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Legal profession lagging behind on cyber security front

Legal profession lagging behind on cyber security front

Dave Coughanour

The legal profession as a whole is still playing catch up with other industries when it comes to cyber security, according to an expert from an international law firm.

Speaking to Lawyers Weekly on his recent trip to Australia, K&L Gates director of security and information management, Dave Coughanour (pictured), identified key trends in relation to the legal profession and cyber security.

Throughout his career, Mr Coughanour has worked at a large Pittsburgh-headquartered financial institution, where he ran the full suite of their cyber operations programs. He began his role at K&L Gates after being given an opportunity from the firm’s CIO at the time to take over all of both the physical and information security operations for the firm globally.

This, coupled with his work at the financial institution, gave him a key insight into the risk that cyber threats play on organisations of all sizes and areas of expertise.

“Within the legal sector, the absolute biggest trend is – this isn't meant to sound too negative – but it’s basically playing catch up with other industries,” Mr Coughanour said.

“There hasn't been a lot of cyber security pressure or regulation in the legal space that I can tell from the last five to 10 years. What we're seeing now is almost, for lack of a better term, trickled down regulation within the large law firms where let’s say you have a large number of financial clients, the financial clients are now required to have security measures by their auditors and regulators. They're required to comply with some fairly stringent security practices and policies. They're also required to assess their third-party suppliers and vendors.

“It was pretty interesting when I came over from a bank to work at a law firm. The actual regulations just seemed to immediately follow me because the banks were taking what they were required to do, and basically modifying it slightly and passing it directly onto their outside counsel. So the client demands are really incentivising the firms to really up their security game, and in the long run, I believe that will be healthy for everyone.”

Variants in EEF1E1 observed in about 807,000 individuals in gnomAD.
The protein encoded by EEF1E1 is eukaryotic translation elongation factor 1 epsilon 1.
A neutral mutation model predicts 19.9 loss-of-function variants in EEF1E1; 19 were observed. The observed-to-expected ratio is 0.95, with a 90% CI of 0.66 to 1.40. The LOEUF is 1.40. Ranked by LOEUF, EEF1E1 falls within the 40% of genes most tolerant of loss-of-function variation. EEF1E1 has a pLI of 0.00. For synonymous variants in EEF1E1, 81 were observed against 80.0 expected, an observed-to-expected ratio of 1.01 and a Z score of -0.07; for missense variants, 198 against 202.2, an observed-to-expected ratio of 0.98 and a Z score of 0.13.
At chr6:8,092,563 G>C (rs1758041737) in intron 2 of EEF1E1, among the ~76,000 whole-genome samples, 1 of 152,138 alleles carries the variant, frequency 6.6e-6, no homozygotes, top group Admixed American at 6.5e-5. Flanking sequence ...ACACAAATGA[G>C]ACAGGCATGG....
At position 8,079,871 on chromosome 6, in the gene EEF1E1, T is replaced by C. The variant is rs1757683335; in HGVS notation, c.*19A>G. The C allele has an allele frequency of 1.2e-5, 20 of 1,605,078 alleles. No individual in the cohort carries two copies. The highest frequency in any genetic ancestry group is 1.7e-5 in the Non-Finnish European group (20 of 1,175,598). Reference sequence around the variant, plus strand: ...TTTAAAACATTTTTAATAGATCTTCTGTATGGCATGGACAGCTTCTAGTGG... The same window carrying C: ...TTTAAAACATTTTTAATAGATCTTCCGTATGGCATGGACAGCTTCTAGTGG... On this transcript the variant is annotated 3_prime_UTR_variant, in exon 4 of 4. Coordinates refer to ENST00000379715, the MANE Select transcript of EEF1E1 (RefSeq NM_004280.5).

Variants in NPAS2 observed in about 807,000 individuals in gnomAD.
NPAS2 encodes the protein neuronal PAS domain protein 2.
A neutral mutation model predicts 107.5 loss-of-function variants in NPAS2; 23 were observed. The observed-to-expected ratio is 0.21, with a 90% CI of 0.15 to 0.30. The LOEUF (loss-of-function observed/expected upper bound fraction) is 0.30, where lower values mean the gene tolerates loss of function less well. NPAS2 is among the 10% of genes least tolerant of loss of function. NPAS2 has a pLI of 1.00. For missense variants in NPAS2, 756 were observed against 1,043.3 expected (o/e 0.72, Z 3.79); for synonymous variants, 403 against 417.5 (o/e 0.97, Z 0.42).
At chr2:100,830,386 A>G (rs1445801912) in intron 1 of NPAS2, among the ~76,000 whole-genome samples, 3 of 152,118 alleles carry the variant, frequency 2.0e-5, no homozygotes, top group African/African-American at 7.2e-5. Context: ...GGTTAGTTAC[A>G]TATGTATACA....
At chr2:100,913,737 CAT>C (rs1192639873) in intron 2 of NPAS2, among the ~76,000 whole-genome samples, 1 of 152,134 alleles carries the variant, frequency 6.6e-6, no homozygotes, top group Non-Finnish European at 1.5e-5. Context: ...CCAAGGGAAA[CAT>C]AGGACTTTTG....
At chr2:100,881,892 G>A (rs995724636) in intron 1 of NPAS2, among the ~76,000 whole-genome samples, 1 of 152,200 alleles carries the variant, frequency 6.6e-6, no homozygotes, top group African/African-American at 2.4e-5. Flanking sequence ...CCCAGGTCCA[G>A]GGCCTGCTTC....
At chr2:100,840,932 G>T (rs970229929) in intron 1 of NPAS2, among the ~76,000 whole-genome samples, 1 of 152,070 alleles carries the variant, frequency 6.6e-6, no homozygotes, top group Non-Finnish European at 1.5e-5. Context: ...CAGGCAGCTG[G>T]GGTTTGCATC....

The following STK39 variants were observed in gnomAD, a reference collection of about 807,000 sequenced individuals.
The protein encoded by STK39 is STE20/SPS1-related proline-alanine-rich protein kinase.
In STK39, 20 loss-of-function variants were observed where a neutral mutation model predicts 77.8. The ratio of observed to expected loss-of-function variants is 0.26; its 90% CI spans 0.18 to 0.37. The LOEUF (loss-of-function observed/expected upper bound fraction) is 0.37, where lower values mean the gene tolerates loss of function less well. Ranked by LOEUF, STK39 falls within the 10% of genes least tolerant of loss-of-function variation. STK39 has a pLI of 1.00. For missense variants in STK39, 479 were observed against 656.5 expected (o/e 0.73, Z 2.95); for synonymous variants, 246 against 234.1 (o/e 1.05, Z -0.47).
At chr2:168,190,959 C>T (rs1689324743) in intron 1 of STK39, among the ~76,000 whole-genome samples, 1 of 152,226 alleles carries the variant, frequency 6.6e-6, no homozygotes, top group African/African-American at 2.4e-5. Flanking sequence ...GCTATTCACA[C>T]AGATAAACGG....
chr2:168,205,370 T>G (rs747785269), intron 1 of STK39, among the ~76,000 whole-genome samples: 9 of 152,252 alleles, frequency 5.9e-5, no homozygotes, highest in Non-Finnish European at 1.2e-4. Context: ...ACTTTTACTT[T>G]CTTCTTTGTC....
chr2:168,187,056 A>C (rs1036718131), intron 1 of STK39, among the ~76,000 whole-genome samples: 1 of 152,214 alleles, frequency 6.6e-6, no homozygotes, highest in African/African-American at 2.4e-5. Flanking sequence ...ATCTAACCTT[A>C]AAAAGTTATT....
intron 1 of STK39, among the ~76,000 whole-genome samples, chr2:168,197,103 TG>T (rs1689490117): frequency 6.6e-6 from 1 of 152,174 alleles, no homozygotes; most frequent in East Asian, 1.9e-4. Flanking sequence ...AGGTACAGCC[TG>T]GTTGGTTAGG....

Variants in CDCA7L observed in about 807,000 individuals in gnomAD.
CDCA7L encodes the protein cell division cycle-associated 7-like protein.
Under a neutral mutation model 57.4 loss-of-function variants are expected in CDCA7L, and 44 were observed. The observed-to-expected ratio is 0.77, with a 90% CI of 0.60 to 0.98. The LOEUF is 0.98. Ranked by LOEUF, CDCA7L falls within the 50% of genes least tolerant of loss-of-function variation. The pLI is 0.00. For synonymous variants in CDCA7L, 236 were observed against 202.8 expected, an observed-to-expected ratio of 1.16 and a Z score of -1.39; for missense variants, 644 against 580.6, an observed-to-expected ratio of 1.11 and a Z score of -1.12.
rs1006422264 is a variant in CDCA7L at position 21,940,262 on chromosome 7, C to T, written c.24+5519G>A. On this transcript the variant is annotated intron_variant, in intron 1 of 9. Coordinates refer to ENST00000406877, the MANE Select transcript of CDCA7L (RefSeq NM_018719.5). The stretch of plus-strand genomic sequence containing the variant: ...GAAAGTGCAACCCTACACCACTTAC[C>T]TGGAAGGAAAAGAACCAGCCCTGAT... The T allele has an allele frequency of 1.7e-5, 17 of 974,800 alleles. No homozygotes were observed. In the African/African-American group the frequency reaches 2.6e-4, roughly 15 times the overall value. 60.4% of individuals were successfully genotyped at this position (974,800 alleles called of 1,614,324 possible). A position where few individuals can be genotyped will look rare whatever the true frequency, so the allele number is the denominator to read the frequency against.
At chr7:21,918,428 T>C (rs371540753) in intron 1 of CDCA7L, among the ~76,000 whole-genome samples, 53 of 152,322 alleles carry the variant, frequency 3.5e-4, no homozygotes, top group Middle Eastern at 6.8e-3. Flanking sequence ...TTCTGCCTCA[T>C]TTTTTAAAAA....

On a global scale, Mr Coughanour noted that because law firms have had to play catch up with other industries, they are often privy to cyber crime, more so than other client-facing services.

“We're seeing many other sectors becoming just much faster fish. It’s harder to hack into a bank, it’s harder to hack into a defence-contractor or critical infrastructure company, so hackers are shifting their focus to what they perceive to be the weaker link in the chain, which is why law firms need to ensure their cyber security systems are keeping up with other industries,” he said.

“The trend, which really started in March of last year and has been happening off and on since, has been the targeting of merger and acquisition data held at law firms. That's information that is very easy to monetise, it can be quite lucrative, and I see that trend continuing for firms that are heavily known for M&A work.”

Other practice areas at risk are any that involve intellectual property, Mr Coughanour said.

“Anyone who has information that could be worth millions or tens of millions of dollars,” he said.